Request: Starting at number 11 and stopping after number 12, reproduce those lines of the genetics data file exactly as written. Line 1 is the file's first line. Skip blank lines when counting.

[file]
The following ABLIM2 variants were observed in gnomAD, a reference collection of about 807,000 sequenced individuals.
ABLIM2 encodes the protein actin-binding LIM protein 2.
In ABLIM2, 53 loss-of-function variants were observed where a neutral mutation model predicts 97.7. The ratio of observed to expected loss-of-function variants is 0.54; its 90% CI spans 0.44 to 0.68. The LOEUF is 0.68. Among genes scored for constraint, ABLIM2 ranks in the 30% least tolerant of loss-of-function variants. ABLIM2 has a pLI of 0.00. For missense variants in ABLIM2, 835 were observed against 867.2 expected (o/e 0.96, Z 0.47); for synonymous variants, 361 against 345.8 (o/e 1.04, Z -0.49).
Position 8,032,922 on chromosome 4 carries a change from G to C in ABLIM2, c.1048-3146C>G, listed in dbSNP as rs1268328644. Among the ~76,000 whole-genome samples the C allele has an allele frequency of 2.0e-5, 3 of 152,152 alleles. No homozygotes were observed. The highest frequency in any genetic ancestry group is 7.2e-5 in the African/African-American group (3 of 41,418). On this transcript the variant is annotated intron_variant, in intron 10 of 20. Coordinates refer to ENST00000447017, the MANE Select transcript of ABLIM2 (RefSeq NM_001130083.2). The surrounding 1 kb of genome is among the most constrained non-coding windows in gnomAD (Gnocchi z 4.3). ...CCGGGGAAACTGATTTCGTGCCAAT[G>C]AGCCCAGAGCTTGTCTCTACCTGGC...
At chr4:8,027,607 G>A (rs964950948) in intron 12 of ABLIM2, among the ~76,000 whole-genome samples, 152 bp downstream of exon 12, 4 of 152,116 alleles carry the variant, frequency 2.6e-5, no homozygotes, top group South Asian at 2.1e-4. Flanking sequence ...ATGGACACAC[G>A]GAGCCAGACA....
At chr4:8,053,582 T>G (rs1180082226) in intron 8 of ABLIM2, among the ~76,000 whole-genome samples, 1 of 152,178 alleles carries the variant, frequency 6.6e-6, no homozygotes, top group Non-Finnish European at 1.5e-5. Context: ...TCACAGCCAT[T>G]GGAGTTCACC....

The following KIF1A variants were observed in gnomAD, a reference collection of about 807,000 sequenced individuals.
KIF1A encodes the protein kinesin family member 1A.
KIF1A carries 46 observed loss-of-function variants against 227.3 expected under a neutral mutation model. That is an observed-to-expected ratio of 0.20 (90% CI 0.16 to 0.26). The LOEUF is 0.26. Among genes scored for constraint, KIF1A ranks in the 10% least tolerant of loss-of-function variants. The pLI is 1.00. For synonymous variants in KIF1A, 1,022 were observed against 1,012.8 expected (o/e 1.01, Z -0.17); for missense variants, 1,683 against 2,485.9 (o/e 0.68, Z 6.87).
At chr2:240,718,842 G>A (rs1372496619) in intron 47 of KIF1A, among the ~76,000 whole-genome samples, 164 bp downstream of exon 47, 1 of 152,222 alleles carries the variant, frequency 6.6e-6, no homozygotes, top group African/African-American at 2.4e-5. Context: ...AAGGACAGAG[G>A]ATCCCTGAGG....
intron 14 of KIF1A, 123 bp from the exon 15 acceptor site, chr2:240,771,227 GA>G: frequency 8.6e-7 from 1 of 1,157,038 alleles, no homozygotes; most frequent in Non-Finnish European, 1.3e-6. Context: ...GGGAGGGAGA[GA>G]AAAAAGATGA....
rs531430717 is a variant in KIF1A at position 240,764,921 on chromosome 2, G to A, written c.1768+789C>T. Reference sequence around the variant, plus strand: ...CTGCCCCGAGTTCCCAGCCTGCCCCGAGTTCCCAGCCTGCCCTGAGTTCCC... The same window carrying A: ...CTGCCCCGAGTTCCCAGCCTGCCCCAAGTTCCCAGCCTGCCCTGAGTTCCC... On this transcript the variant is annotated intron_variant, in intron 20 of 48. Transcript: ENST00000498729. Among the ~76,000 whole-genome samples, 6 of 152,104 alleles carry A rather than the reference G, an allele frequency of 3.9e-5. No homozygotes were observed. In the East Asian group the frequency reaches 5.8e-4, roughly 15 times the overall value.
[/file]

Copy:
intron 14 of KIF1A, 123 bp from the exon 15 acceptor site, chr2:240,771,227 GA>G: frequency 8.6e-7 from 1 of 1,157,038 alleles, no homozygotes; most frequent in Non-Finnish European, 1.3e-6. Context: ...GGGAGGGAGA[GA>G]AAAAAGATGA....
rs531430717 is a variant in KIF1A at position 240,764,921 on chromosome 2, G to A, written c.1768+789C>T. Reference sequence around the variant, plus strand: ...CTGCCCCGAGTTCCCAGCCTGCCCCGAGTTCCCAGCCTGCCCTGAGTTCCC... The same window carrying A: ...CTGCCCCGAGTTCCCAGCCTGCCCCAAGTTCCCAGCCTGCCCTGAGTTCCC... On this transcript the variant is annotated intron_variant, in intron 20 of 48. Transcript: ENST00000498729. Among the ~76,000 whole-genome samples, 6 of 152,104 alleles carry A rather than the reference G, an allele frequency of 3.9e-5. No homozygotes were observed. In the East Asian group the frequency reaches 5.8e-4, roughly 15 times the overall value.